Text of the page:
LONDON, England - People ask me about Cristiano Ronaldo, who this week won European Footballer of the year, all the time. He's Portugese, I'm Portugese, and I have had the pleasure of interviewing him on several occasions.
caption="Cristiano Ronaldo has been named European Footballer of the Year."]
Unfortunately, in England Ronaldo's image has become tainted because the media magnifies his odd rant or dive on the pitch. But, in my book, he is still a decent young man who has kept his feet on the ground, despite all the fame and fortune he has experienced.
I can tell you, every time I have met the 23-year-old star he has been extremely polite and considerate. Of course he has expensive tastes and splurges unnecessarily on luxury items at times - but then when you earn an estimated $150,000 per week, you are entitled.
Furthermore, he is a young man who prizes his family and has helped them in more ways than one ever since becoming wealthy. He has bought houses for his mother and siblings and has tried to help his sister's singing career.
Ronaldo has also given funds to various charities - so it would be fair to say that however much he earns, he has never forgotten the people closest to him or those less fortunate.
It's probably because he was born into a poor family in the island of Madeira in 1985. From a young age, Cristiano soon exhibited phenomenal talent and moved to Lisbon to play for Sporting's famed academy at the age of 12.
He was teased and often ostracized in the Portugese capital because of his strange accent and skinny frame, but we all know he overcame those insecurities to become the best player on the planet.
Ronaldo was unquestionably the best player in the world during the 2007/08 season and deserved the Ballon d'Or award, much like he deserves the FIFA World Player of the Year award, to be decided later this year. Forty-two goals scored plus many more assists to his colleagues made him the most dangerous player on the planet.
The only blip in his season was Portugal's poor Euro 2008 campaign, where he failed to impress, but it was later revealed that he was playing with an ankle injury.
Of course he does have challengers to his crown: sooner or later Lionel Messi will win football's highest accolades. The young Argentine also has aboundless talent and is reaching his peak.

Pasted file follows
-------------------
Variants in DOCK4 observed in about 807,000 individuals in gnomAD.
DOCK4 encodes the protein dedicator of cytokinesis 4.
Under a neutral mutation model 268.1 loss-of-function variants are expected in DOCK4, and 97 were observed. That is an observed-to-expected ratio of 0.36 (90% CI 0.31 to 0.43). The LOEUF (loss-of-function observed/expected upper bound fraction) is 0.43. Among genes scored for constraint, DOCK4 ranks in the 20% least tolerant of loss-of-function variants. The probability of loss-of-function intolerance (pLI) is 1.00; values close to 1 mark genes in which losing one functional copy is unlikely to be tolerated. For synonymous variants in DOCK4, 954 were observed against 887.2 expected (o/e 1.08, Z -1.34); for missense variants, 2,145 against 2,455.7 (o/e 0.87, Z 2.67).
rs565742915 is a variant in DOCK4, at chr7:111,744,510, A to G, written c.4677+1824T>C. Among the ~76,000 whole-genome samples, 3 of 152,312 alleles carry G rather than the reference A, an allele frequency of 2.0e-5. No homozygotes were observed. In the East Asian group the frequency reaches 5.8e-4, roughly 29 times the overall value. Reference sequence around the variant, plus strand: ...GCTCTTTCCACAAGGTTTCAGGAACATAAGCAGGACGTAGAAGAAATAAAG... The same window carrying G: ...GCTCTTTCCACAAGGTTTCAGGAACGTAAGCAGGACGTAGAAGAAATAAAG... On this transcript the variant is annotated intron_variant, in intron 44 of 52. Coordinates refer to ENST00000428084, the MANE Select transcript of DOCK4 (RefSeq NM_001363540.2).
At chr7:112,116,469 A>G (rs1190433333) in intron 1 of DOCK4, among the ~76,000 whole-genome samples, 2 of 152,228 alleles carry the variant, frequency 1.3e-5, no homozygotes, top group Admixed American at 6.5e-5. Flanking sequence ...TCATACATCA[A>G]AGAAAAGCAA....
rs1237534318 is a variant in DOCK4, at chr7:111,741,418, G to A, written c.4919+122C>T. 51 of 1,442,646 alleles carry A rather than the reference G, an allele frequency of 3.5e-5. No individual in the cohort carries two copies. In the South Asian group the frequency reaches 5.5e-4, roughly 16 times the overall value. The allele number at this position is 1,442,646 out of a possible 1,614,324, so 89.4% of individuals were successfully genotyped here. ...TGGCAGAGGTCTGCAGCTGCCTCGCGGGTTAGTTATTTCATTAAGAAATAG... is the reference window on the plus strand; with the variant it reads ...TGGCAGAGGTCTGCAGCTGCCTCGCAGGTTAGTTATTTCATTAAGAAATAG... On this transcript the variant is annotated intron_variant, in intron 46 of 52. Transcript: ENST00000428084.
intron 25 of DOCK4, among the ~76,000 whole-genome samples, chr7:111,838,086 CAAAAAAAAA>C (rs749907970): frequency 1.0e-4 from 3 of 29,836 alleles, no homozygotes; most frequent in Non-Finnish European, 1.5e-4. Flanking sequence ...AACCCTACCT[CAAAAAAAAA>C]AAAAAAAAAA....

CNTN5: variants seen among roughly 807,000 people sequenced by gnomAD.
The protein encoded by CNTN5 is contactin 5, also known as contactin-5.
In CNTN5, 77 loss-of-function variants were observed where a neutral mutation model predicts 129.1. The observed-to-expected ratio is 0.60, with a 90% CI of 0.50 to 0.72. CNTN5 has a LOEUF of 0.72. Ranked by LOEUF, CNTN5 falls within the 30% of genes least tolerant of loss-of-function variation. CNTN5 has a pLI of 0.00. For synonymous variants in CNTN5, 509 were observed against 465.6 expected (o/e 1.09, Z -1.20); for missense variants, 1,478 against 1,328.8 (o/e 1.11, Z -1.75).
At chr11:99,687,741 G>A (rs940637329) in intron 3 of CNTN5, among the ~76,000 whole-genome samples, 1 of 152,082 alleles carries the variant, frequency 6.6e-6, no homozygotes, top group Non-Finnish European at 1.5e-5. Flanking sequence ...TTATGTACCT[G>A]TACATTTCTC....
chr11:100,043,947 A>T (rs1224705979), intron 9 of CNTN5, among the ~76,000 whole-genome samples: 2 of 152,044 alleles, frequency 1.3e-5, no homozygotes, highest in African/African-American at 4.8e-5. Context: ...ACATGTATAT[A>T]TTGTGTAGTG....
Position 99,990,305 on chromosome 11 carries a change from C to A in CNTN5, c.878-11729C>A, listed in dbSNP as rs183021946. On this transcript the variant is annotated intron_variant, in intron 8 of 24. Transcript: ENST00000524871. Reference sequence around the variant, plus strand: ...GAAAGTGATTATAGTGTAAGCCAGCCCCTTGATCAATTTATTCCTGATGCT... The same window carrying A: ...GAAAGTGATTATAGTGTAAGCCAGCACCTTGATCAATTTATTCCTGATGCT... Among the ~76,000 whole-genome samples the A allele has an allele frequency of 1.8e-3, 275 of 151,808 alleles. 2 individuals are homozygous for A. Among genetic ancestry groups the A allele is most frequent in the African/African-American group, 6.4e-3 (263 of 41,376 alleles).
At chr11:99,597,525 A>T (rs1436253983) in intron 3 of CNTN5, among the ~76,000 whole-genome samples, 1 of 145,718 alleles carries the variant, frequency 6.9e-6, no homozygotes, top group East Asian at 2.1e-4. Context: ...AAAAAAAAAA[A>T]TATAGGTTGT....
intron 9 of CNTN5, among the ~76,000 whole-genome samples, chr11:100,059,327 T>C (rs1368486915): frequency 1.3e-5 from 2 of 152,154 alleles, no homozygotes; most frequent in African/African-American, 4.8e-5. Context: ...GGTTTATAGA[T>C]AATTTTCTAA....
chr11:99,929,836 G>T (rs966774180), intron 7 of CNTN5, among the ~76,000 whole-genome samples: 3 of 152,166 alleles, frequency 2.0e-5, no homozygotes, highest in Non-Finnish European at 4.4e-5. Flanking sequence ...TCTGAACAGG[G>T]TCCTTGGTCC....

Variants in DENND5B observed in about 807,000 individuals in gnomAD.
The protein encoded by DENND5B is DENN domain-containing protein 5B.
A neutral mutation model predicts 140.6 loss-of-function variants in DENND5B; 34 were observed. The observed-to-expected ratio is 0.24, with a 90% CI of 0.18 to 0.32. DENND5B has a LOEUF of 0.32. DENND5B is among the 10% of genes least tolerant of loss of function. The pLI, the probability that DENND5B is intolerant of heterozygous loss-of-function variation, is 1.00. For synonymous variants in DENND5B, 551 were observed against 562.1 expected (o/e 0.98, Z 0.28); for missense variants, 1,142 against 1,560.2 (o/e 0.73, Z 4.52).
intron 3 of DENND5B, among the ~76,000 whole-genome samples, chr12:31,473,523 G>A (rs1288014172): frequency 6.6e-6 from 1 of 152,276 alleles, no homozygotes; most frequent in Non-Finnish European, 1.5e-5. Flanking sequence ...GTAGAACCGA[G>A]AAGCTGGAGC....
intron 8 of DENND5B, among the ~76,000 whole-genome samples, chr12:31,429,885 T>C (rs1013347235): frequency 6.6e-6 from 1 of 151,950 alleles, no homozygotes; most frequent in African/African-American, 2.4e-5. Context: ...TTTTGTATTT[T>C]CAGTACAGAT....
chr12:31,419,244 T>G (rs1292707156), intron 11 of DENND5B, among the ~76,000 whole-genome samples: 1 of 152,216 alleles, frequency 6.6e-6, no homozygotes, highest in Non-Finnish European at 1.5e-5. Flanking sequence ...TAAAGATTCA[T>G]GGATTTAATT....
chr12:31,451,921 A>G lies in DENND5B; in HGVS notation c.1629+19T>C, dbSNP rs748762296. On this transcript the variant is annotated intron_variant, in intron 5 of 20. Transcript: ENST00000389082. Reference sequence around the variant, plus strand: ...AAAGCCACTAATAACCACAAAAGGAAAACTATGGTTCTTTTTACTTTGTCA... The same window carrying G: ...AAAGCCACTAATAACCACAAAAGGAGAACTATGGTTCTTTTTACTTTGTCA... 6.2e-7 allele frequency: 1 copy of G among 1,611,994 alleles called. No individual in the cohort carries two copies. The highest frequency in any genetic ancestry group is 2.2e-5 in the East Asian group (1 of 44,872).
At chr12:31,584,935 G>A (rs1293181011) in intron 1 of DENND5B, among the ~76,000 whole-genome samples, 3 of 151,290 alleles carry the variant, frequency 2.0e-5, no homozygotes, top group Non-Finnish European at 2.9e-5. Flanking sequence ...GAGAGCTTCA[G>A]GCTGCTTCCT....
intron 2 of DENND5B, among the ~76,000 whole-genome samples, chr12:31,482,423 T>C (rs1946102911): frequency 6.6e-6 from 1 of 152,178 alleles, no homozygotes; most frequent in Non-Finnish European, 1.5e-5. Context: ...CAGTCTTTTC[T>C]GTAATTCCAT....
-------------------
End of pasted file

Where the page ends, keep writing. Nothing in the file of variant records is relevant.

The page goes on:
But for now, Ronaldo is king.
Love him or hate him, no-one has ever been able to ignore him, and you won't be able to do it now as Diego Armando Maradona is back. Few would have ever predicted that he would one day become Argentina's national team manager. After all, this is a man who is not exactly the ideal role model – a self-confessed cocaine addict whose self-destructive behaviour nearly killed him back in 2004. But he bounced back. Somehow, he managed to get back on his feet and return to the forefront in the world of football.
"How do you feel? Have you overcome your demons, your mental and physical troubles?" I asked him at a press conference in Glasgow before his managerial debut against Scotland last week. His reply was indicative of someone who has stared death in the face but who is now trying to do his best. "I get up every morning. Thank God, I get up every morning."
It was a calm and collected Maradona I saw before, during and after Argentina's 1-0 win over the Scots at Hampden Park. There were no controversial remarks, no inflamatory comments made about the "hand of God" goal he was asked about by local reporters. I was pleased to see a more mature man, one who probably realizes this is his last big shot at making a mark in world football. As a player, his biggest pride and passion was wearing the blue and white stripes of Argentina, and now he will do everything in his power to serve his beloved nation.
During his first ever game as Argentina manager, there were no signs of the exhuberant and inappropriate behaviour displayed when supporting his favourite club, Boca Juniors, at La Bombonera in Buenos aires. There was no kicking and no shouting. Diego simply followed the match calmly on the bench, getting up only a handful of times to communicate a few instructions to his players.
So is this a new man with a new attitude? For now, it seems so, and I am ready to give him another chance. Even though it's probably the 100th chance he has been given in a turbulent life.
If there is one story that fascinates me in the early season, it's how many unheralded and unfancied clubs are holding their own with some of Europe's big boys, not only in their respective leagues, but also in the Champions League.
When Rubin Kazan clinched the Russian Premier League title, it really made me sit up and take notice, because to be honest, even though I have followed football all my life, I knew nothing about this club.